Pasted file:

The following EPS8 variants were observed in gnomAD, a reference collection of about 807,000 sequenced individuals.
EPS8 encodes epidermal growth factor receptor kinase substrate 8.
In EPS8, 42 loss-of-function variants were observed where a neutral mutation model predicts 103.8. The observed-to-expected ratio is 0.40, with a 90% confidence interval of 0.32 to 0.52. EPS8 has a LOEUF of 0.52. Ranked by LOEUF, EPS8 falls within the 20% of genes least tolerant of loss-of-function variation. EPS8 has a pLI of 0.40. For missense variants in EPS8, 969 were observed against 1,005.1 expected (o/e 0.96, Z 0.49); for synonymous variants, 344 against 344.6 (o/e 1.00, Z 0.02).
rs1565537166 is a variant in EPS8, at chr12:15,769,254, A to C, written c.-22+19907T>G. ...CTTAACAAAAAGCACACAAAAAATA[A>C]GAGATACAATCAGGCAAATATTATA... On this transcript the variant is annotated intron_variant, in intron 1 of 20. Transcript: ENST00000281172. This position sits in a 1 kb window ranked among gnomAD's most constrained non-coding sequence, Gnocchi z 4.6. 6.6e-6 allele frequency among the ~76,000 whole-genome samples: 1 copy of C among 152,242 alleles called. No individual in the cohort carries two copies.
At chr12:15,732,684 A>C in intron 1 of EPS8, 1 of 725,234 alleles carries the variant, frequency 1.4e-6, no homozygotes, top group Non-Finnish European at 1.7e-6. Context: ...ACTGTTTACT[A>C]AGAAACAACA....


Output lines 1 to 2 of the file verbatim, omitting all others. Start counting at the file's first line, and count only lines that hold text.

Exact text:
The following EPS8 variants were observed in gnomAD, a reference collection of about 807,000 sequenced individuals.
EPS8 encodes epidermal growth factor receptor kinase substrate 8.